Meeting social-emotional needs of infants
A major grant to LSI researcher Kathleen Baggett is supporting the first efforts in the country to train teachers in child-care centers to promote the social and emotional development of infants.
Funded by the U.S. Department of Education, the project implements what decades of research have shown: infants whose social-emotional needs are unmet are less likely to be ready for school and more likely to have social-emotional problems throughout the life span.
Of special concern is the lack of adequately trained early child-care teachers coupled with growing numbers of young children with social-emotional problems, Baggett said. In fact, infants and toddlers are the fastest-growing group in child care.
“Intervening earlier is better than later,” Baggett said. “Waiting for children to fail means opportunities are lost to prevent early delays from becoming future disabilities.” Baggett, assistant research professor at the Juniper Gardens Children’s Project, and colleagues at KU, the Oregon Research Institute, Eugene, Ore. and the University of Texas Health Science Center at Houston are developing and field-testing a web-based training program where coaches in Kansas will work virtually with teachers in Kansas and Oregon. “Our web-based program will be developed with feedback from child- care stakeholders, including parents, and will allow us to test the feasibility of real-world implementation of the program in child-care centers,” Baggett said.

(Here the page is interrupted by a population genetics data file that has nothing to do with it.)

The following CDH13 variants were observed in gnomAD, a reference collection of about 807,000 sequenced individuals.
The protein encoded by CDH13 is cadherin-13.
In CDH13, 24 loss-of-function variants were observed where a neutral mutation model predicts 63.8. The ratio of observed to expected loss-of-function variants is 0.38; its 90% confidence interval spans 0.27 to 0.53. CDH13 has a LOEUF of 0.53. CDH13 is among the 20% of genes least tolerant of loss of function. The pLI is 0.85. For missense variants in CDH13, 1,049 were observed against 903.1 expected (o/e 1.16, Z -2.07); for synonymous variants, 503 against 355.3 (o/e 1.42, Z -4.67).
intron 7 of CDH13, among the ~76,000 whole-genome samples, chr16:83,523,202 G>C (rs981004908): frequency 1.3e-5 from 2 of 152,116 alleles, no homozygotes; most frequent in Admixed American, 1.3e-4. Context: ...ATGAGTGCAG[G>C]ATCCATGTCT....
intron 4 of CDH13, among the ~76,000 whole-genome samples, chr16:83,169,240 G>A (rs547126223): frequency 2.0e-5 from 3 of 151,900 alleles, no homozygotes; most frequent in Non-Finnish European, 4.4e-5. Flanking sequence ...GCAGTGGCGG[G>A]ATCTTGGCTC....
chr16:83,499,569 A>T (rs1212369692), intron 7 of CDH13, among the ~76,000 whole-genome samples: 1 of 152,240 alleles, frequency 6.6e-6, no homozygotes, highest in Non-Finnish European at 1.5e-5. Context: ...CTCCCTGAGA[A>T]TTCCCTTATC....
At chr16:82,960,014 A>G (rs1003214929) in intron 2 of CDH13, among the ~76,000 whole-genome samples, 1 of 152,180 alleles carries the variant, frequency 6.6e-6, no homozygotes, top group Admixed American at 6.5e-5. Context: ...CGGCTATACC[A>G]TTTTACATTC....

The project was preceded by a pilot study by Baggett and colleagues showing that in-home web-based training is effective in helping mothers improve the social and emotional development of their infants. That web-based program, Infant-Net, will be refined in the current study for child-care teachers.
“Quality is a huge concern in child-care centers today,” Baggett added. “The field desperately needs to implement training programs for those who work with the very youngest children in child care.”